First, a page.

During the chaos and confusion created in a crisis, it is easy for fear and panic to take over, and this can completely change the way some people handle different scenarios. Planning for these reactions and barriers helps to ensure a successful implementation of Business Continuity and can help to reduce disruption and the time between the incident and remediation.

If you think practically, a Business Continuity Plan is a plan that allows a business to plan in advance what it needs to do to ensure that its key products and services continue to be delivered (technicality: at a predefined level) in case of a disaster, while a DR allows a business to plan what needs to be done immediately after a disaster to recover from the event. So, a BCP tells your business the steps to be taken to continue its key product and services, while a DR tells your business the steps to be taken to recover post an incident.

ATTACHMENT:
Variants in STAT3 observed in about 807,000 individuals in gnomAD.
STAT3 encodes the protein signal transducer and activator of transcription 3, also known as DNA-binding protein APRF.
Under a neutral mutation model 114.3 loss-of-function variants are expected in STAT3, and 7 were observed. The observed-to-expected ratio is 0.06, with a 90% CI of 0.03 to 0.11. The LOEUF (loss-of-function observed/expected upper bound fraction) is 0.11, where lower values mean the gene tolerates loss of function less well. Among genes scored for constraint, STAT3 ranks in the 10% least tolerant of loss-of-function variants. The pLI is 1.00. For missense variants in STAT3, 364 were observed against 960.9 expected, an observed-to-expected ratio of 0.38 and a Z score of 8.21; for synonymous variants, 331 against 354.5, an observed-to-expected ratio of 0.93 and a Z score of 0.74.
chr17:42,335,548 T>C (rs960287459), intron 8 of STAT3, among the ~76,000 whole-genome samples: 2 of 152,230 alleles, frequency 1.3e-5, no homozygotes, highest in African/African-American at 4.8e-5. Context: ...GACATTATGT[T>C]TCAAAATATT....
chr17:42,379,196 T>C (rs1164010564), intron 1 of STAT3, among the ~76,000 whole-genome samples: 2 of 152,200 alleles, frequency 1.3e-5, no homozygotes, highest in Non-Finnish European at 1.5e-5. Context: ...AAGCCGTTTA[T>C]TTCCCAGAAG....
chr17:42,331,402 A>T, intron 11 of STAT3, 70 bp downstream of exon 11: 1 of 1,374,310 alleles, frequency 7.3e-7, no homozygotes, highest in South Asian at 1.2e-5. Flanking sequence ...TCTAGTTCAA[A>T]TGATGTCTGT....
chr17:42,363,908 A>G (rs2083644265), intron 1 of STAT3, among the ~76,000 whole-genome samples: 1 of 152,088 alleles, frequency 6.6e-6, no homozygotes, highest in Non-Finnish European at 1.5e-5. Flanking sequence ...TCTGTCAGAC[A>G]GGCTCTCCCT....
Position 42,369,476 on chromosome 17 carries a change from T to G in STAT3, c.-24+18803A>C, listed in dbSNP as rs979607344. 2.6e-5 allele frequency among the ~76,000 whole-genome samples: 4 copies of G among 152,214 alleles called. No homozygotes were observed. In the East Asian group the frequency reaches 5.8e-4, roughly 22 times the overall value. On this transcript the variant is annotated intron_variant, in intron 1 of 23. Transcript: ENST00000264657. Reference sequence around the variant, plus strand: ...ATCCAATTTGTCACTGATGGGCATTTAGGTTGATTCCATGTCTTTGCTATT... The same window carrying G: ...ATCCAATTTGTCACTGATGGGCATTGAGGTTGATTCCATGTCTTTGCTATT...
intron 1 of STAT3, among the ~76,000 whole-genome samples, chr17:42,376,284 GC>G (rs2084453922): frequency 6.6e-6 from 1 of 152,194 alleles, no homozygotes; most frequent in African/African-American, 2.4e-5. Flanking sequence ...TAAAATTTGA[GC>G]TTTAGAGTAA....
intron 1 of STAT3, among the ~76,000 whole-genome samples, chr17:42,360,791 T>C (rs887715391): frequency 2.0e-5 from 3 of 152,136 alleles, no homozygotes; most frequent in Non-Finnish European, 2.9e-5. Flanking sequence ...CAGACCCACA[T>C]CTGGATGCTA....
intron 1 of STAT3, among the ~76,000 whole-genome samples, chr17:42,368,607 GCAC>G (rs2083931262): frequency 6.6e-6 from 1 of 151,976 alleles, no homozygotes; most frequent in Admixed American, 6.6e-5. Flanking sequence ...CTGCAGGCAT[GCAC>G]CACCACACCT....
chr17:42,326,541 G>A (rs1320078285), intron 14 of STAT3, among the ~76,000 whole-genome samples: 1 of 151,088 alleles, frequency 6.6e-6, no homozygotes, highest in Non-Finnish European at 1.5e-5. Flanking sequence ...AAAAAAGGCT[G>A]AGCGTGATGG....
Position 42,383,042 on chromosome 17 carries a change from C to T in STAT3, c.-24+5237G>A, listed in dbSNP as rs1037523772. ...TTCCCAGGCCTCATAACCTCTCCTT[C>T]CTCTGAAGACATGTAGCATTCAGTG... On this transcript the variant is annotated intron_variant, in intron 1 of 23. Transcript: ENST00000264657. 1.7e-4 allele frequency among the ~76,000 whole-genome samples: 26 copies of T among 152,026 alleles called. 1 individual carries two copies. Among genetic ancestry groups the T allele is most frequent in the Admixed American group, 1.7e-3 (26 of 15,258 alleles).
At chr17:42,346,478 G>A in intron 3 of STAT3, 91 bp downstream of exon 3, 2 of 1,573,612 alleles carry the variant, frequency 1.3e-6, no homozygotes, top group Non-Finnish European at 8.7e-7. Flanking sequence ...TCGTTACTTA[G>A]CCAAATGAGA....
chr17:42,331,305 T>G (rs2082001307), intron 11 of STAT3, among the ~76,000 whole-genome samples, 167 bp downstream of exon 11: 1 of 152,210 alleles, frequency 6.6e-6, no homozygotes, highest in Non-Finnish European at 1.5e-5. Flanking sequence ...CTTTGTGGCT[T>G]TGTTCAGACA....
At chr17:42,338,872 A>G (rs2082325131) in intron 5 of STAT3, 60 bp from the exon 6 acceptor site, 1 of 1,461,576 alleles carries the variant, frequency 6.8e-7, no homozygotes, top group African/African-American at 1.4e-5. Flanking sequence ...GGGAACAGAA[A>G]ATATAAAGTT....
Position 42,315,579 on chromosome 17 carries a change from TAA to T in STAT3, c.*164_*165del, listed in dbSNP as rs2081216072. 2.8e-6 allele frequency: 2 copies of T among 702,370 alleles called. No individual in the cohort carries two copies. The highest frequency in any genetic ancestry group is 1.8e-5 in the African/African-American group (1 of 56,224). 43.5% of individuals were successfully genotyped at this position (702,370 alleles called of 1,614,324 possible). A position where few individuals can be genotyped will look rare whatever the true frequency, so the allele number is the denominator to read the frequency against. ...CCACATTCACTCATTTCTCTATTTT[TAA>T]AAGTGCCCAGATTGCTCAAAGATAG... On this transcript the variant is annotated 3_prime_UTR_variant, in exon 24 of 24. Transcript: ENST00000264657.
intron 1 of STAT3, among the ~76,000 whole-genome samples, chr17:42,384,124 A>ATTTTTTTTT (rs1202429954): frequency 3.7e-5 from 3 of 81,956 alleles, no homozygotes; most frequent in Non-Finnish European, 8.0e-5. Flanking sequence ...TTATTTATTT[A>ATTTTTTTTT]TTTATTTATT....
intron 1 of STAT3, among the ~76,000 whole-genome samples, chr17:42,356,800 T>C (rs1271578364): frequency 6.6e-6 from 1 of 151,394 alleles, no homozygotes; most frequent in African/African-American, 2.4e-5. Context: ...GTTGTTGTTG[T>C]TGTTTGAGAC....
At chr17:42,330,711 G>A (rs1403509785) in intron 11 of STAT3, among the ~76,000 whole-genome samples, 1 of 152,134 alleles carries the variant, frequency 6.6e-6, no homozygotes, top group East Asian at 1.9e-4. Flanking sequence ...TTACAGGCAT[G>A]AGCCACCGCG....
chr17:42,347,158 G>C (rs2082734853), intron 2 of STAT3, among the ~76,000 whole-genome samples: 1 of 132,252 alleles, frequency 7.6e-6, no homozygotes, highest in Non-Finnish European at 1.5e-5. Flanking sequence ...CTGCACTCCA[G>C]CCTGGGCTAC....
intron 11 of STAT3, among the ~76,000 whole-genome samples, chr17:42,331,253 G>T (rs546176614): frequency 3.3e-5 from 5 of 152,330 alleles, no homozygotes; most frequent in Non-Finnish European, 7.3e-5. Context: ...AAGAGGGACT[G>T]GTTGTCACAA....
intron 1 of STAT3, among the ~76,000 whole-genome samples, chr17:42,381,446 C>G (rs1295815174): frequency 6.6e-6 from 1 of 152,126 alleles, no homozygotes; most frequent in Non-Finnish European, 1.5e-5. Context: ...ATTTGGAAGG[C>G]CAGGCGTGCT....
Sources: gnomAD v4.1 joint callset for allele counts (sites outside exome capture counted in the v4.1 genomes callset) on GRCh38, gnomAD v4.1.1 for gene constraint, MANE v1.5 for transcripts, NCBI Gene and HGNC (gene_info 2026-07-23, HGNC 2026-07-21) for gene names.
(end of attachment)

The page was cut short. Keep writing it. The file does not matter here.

Your impact analysis, your business continuity strategy and business continuity plans are a part of BCP. Your incident response, emergency response, damage assessment, evacuation plans, etc. are all a part of DR. It makes sense to divide your planning into two parts

  1. Planning to continue your business operations and
  2. Planning to recover from disaster situations

If you use these definitions of BCP and DR, you would probably end up having a practical and effective BCMS for your organisation.